MBX Systems has had a clearly defined relationship with its independent software vendor (ISV) customers since the day the company opened for business in 1995. For more than 20 years, MBX has focused on designing and manufacturing custom hardware—so the ISVs can focus on developing and selling their software for mass or niche markets. The setup has benefitted both parties.

MBX builds its hardware products at plants in Libertyville, IL, and Nijmegen, Netherlands. Assemblers at both facilities follow similar manufacturing processes and work instructions.

Throughout much of its history, MBX created these instructions using simple wiki page software. Unfortunately, the software does not allow end-users to fully control or customize instructions or other documents related to training, customer service and product support.

This limitation became a big problem in 2013 when MBX wanted to share some of its documents with third-party, on-site providers, but couldn’t do so securely. According to Justin Formella, CIO at MBX, everything was open to everyone internally, but nothing could be shared outside of the company.

Formella began looking for software that allowed administrators to specify who could and who could not access specific documents. Eventually he selected Dozuki cloud-based software that enables MBX workers in many departments to share files, add commentary, review updates and approve documents electronically.

“It makes decisions for you on how to present documents, and how you can structure your steps,” notes Formella. “Having those limitations forces consistency in the documents and forces users to break up the information and make it smaller with digestible parts.”

The software allows video and photo integration into documents, and it features built-in markup tools to highlight small details like fasteners and connectors. Formella says these tools make it easy for MBX staff to create accurate, easy-to-understand assembly instructions. Equally important, images in created documents can be clicked on to access corresponding documentation.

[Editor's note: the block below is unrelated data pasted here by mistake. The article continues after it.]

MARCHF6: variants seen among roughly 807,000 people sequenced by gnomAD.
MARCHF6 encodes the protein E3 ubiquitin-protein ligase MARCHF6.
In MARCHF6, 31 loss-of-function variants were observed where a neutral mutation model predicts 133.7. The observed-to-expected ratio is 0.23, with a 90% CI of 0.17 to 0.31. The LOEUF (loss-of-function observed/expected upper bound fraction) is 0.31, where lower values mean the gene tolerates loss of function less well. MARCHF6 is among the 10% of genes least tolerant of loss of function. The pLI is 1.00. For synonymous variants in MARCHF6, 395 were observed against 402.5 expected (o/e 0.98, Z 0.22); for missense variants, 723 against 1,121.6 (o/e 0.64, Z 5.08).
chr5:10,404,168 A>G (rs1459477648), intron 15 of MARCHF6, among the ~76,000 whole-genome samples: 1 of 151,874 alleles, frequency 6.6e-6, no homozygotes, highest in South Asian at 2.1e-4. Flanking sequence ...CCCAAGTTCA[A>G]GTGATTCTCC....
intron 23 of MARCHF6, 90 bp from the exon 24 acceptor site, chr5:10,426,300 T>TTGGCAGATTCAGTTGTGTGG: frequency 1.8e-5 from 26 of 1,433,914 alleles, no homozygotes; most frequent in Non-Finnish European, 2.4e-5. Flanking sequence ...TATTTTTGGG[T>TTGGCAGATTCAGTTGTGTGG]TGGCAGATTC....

Introduced in 2011, the Dozuki software has several interactive features. Version control, for example, lets end-users quickly update documents. Once a new version has been released, all users instantly gain access to it, and outdated versions become restricted.

The centralized management feature allows documents to be created, modified and distributed from a single location, then routed for approvals (using electronic signatures) and published to prevent production bottlenecks. Data capture occurs in real time and is possible from one or more documents. Data may be securely accessed by employees on- or off-site. Dozuki backs up this data four times each day and keeps backup copies of documents dating back up to two years.

Mobile apps for iOS and Android devices enable users to publish documents from a smartphone or tablet. In addition, the software’s platform has been fully translated into eight languages (Dutch, English, French, German, Italian, Russian, Spanish, Turkish), and it supports the use of all UTF-8 characters (the dominant character encoding for the World Wide Web).

For more information on cloud-based documentation software, call 866-613-4948 or visit www.dozuki.com.